Woman writing in journal. The page is still empty

The past three months have marked a remarkable transformation in my life. Change has always been a constant companion, a continuous ebb and flow. Sometimes going up and sometimes going down. When I used to tell people about not feeling alright, they often struggled to see the difference. To them, I seemed unchanged.

But now, something has shifted, and people around me can see it too. They say, “You sound different. Your energy is calm.” And it’s true—I feel this newfound calmness within myself. Where ADHD used to define my entire personality, I sense it loosening its grip. It’s not that I’m discrediting the reality of my ADHD, but I’m no longer the caricature I once was.

In the past, I often felt like a loose cannon, perhaps not that extreme, but within my own mind, it felt that way. In recent months, I’ve delved into understanding why this was the case. I realized that my self-image was fragile, leading me to constantly defend myself or sway like an autumn leaf in the wind, absorbing the energy and opinions of those around me. However, as I’m learning to embrace my true self and the responsibility that comes with it, I feel a disconnect from the unhealthy tether that bound me to others.

Don’t get me wrong; I feel more connected than ever, but there’s a newfound presence of my inner self in these interactions. I can finally think for myself while simultaneously listening to others. I stand steady on my feet and no longer feel compelled to defend my self-image because I’ve gained a sense of self-assuredness. It’s not an easy feat. The urge to slip back into that desperate energy still exists, but now I can catch myself in the moment or afterward. And when it’s afterward, I now have ways to return to my true self.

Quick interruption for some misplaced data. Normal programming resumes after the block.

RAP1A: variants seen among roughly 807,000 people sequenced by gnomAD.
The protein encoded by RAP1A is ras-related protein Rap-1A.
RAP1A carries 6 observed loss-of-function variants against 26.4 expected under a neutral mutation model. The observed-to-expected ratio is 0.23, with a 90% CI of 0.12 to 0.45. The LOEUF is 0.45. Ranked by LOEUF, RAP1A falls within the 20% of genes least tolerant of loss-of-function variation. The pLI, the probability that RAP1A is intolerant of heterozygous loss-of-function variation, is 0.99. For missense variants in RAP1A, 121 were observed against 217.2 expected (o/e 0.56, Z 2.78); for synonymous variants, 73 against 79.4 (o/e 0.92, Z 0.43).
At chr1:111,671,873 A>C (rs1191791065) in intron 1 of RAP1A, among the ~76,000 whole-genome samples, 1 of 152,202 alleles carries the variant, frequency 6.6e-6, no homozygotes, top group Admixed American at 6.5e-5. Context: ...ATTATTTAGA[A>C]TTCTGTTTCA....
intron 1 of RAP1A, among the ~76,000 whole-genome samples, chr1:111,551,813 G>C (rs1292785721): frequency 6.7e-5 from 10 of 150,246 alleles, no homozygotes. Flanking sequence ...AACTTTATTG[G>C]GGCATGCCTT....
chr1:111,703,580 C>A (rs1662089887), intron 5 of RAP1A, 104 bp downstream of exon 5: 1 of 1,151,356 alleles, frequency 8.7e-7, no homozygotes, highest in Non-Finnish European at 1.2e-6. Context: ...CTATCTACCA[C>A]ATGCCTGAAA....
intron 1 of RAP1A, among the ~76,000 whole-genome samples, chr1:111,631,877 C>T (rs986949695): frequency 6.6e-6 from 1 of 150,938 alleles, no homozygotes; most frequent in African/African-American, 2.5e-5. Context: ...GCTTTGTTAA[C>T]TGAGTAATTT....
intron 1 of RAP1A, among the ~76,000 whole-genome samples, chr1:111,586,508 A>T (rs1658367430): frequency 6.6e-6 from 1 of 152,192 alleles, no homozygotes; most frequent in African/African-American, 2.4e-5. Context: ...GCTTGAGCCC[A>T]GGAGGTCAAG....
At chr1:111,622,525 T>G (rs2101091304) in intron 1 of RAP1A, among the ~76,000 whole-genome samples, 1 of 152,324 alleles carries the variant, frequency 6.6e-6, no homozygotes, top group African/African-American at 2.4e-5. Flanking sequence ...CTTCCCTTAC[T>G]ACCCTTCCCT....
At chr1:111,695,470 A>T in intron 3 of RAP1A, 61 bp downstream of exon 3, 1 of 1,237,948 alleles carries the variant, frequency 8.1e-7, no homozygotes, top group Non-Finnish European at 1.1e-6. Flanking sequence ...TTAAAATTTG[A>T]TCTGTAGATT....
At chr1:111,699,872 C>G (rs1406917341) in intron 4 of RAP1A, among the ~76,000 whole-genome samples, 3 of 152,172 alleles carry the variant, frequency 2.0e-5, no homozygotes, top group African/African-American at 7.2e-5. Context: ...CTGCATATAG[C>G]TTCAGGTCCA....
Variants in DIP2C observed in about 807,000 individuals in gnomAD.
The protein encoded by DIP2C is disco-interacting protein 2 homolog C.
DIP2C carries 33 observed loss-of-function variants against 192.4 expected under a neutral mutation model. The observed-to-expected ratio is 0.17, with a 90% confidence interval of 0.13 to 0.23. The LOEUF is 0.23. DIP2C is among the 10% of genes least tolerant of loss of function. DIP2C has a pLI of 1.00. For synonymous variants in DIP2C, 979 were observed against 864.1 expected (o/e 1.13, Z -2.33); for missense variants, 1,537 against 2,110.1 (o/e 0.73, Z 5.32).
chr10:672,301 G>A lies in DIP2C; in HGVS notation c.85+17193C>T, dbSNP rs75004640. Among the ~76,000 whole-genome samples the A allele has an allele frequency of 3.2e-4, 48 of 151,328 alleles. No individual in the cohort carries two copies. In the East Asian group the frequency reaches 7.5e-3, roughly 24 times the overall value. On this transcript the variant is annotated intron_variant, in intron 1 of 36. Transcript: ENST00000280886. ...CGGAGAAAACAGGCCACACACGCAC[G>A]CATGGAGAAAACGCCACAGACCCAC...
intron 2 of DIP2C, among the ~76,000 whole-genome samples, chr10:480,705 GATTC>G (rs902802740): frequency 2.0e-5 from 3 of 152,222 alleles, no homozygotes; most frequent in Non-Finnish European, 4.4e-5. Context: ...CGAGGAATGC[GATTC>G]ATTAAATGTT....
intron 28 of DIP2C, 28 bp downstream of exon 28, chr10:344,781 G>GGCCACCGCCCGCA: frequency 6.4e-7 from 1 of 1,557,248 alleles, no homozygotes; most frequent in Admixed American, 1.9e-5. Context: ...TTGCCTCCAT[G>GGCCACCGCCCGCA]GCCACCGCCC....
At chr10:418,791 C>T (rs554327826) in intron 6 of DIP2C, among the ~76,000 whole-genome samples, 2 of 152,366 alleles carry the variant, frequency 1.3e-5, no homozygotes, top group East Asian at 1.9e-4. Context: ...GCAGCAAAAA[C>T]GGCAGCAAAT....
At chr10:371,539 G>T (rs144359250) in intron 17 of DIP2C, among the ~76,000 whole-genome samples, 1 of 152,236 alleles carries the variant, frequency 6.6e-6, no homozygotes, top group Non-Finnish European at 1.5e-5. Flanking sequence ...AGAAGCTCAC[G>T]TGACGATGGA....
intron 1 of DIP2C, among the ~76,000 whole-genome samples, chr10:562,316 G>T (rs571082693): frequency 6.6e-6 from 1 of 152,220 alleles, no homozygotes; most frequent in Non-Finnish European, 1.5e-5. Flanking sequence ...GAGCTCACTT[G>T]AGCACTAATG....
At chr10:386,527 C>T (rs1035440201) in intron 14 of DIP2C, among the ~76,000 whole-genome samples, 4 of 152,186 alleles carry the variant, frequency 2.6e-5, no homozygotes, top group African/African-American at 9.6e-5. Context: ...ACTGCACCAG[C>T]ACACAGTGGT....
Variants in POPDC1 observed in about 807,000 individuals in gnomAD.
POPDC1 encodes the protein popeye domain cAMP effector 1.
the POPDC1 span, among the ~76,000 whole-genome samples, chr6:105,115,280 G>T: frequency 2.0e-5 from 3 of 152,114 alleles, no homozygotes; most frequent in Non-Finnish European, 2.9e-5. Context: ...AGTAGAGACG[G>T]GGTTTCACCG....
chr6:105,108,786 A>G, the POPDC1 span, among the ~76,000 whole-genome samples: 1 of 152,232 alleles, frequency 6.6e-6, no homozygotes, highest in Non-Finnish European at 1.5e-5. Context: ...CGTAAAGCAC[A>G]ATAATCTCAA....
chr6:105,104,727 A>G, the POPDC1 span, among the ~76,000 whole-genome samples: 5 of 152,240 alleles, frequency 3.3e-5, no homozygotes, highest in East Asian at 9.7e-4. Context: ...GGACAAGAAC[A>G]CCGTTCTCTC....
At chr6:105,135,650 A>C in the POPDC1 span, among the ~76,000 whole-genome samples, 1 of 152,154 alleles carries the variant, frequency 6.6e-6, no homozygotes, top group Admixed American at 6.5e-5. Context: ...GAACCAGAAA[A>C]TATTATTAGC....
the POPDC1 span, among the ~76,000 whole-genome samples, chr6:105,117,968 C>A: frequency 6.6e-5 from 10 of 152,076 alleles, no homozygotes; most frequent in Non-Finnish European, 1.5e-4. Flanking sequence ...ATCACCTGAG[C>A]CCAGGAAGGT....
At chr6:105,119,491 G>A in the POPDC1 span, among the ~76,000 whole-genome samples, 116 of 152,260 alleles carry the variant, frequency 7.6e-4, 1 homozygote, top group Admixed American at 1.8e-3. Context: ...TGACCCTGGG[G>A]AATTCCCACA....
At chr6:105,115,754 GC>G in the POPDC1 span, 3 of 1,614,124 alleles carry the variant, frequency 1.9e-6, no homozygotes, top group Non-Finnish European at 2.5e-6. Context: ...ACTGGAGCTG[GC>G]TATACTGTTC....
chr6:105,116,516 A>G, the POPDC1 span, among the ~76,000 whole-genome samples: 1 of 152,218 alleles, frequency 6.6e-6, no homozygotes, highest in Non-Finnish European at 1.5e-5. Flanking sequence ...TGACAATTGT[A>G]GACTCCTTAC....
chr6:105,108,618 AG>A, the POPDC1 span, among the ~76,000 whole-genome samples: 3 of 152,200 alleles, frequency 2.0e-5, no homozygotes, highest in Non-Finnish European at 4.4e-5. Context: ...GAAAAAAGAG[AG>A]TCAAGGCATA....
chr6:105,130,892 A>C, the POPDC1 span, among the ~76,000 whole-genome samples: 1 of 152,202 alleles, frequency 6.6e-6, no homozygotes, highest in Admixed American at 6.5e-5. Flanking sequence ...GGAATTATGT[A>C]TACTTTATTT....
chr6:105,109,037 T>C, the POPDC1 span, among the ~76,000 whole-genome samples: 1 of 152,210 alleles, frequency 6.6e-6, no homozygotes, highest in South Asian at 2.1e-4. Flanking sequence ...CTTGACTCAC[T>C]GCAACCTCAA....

My mantra while writing in my journal has been simple: “What do I want? What do I think?” I repeatedly ask myself this question, sometimes even intentionally thinking the opposite of what the other person wants or having a completely opposing viewpoint. Then, I give myself the time to think. What is it I really think about this?

Another significant change has been the acceptance of my own random thoughts. For some reason (I’m still learning, but it’s all explained in the  book “Adult Children of Emotionally Immature Parents’ book), I used to be ashamed of my own thoughts and would shun them. I wouldn’t allow myself to think, “This is a foolish thing to say of this person,” or “You look like shit today.” Because being kind and liked had become my goal in life. During my teens and twenties, I was often painted as the “bad guy” or a “bitch.” Of course, I never wanted to be that person. So, I punished myself for having those “bad” and “judgy” thoughts, believing they made me a terrible person.

Now that I’ve granted myself permission to have these thoughts and accept them as not necessarily true but valid because, after all, I’m human, I’ve noticed that I’m gentler towards myself and more respectful of my inner self. I’ve come to realize that I can have these thoughts and still be a kind person. I used to bend my own boundaries to appease others because I never thought it was possible to be honest and liked at the same time. Disagreeing was never on my list of acceptable behaviors, which left me with only three options: agree, tirelessly try to convince others of my perspective, or leave the situation, conversation, or even the relationship.

In the past three months, numerous changes have occurred simultaneously, reshaping my perception of both myself and others. It appears that people around me sense this transformation as well, and that’s fricking beautiful. Not only do I feel better, but my loved ones also seem more at ease in my presence. It’s not a simple journey, but I’ve made a promise to myself to actively continue this personal growth, and I intend to keep that promise.